school board

During the July 9 school board meeting, 2nd District representative Robert Safdie speaks during contract negotiations between county schools and vending contractor T-N-T Snacks.

After implementing the salary for a school-law enforcement liaison, the Cumberland County Board of Education voted to once again approve the 2007-2008 county school budget in preparation of appearing before the county commission. The line item for the liaison position, listed as SRO Coordinator, shows a salary cost of $39,300. Total expenditures for the proposed 2007-2008 budget are listed at $46.7 million. The current defecit is estimated at just more than $6.5 million.

Also at the July 9 meeting, the proposed school calendar for 2007-2008 was approved with Director of Schools Aarona VanWinkle announcing new staff development dates. If enough of the allotted 13 snow days are left by March, the schools look to hold staff development days on March 20, April 28, and May 9, in which students will not attend class. Students bank additional time in not using snow days whereas teachers do not. According to VanWinkle, the state allows schools to use a portion of the allotted snow days for the purpose of staff development.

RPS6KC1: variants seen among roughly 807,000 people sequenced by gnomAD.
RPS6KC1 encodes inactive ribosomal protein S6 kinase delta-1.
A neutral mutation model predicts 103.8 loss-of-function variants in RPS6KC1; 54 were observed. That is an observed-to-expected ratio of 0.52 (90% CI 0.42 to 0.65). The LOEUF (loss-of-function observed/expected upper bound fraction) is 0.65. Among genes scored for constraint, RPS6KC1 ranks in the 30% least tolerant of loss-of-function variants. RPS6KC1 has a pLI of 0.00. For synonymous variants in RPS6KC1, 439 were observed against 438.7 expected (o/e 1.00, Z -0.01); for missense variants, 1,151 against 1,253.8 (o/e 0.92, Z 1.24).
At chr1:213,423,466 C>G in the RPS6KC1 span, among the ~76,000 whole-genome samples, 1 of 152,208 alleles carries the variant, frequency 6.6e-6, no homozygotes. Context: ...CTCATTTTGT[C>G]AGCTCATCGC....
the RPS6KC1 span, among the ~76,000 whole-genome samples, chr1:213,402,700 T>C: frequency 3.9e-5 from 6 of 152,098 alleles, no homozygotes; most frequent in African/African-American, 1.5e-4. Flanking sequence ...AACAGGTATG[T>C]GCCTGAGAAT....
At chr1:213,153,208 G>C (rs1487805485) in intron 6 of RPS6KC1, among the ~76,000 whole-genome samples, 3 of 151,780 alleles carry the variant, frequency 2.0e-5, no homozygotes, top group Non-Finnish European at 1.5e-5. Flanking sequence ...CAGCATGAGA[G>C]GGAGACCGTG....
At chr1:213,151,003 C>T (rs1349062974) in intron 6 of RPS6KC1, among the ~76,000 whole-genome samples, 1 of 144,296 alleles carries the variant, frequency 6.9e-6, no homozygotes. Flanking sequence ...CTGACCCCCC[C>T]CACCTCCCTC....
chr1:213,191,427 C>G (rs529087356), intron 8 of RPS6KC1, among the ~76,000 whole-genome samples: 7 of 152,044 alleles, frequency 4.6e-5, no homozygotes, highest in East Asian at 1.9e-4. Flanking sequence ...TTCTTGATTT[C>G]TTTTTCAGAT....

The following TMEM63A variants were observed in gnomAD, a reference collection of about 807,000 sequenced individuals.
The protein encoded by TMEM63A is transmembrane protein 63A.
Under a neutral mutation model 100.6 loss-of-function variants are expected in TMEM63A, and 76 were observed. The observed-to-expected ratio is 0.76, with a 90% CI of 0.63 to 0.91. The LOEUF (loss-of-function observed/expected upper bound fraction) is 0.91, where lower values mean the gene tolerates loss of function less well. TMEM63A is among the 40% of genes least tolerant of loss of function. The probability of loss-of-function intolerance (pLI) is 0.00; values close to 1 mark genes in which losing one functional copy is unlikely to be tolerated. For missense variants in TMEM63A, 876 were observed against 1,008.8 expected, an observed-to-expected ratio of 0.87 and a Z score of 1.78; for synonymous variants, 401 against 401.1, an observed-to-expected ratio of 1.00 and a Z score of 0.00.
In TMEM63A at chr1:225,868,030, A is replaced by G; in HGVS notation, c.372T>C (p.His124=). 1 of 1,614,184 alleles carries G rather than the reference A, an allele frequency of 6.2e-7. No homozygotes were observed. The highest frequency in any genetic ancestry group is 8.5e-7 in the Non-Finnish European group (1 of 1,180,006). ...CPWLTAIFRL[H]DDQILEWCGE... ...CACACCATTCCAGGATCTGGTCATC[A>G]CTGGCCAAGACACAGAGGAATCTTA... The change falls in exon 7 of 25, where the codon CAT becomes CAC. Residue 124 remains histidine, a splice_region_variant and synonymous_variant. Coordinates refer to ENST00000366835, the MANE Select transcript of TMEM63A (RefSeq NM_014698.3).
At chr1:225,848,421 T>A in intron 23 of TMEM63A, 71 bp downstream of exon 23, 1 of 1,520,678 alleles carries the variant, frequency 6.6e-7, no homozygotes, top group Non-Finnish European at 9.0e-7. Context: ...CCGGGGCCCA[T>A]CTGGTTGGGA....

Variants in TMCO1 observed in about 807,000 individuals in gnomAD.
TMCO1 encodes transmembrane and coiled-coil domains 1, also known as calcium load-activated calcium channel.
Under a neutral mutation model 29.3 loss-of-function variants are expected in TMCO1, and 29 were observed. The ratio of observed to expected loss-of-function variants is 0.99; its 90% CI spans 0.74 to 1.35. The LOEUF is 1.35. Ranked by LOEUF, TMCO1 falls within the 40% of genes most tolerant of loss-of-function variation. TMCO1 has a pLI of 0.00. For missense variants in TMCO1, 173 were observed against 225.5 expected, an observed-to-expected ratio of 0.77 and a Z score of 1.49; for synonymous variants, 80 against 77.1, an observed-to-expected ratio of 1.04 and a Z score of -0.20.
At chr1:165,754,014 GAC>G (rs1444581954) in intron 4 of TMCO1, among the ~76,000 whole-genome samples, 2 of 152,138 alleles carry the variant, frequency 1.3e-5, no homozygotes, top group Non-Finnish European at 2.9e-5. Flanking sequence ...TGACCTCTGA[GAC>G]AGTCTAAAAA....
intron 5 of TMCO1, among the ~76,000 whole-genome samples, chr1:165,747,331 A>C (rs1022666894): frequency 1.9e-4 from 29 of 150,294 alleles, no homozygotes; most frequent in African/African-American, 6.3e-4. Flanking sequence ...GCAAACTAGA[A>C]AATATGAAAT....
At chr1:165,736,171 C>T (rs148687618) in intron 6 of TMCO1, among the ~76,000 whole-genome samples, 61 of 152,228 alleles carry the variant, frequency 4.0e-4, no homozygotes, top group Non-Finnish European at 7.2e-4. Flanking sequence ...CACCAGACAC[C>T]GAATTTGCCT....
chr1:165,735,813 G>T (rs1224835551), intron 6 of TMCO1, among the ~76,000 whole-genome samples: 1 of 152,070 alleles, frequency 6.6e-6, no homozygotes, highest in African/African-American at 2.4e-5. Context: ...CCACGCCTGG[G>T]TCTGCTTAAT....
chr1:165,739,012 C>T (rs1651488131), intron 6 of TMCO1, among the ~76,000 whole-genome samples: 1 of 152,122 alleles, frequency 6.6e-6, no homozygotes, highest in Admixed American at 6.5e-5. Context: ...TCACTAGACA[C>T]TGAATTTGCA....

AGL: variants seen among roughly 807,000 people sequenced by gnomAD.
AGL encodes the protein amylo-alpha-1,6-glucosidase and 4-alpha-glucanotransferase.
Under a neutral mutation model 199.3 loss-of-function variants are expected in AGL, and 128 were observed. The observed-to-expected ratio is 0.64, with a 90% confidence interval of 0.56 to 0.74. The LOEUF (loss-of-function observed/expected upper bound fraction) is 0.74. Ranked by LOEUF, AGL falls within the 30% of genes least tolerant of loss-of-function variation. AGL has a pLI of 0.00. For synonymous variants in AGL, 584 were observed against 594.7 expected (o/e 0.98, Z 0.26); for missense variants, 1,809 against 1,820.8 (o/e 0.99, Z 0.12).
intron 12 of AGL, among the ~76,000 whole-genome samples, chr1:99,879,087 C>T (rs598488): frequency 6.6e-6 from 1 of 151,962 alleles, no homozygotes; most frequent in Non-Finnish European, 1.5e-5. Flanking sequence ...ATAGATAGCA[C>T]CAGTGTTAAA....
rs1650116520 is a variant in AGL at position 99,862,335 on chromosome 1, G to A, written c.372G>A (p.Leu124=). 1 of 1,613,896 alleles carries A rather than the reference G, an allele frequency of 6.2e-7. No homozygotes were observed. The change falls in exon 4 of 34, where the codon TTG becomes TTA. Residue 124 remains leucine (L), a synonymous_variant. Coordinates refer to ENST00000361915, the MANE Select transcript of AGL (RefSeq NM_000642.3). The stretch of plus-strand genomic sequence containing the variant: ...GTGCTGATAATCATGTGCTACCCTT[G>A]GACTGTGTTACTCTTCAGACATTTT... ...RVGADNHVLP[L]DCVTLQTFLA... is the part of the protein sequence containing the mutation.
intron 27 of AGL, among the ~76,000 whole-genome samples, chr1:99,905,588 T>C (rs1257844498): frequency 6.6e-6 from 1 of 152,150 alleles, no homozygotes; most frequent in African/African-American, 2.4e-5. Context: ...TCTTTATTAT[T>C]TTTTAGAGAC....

However, as VanWinkle pointed out, if the schools needed to use their total of 13 snow days, these dates would act as regular schools days. Teachers would then be responsible for making up the in-service hours on another occasion. The board voted to pass the proposed calendar year, and VanWinkle said the calendar would be submitted to the state for approval.

In her report, VanWinkle briefed the board upon the success of the Phoenix School and Homestead Elementary.

With 45 students enrolled for the summer, Phoenix's credit recovery program awarded 53 credits, making it possible for one student to graduate upon receiving credit and another 11 students to become seniors as a result of the program.

Homestead Elementary received a letter from the Tennessee Department of Education congratulating them for being among the top 10 percent of state schools. Homestead's ranking is based on its scores in the 2006 Tennessee Comprehensive Assessment Program (TCAP) in the areas of reading/language arts and mathematics for the 2005-2006 school year. The letter also commended the school for making Adequate Yearly Progress (AYP) for the past two years.

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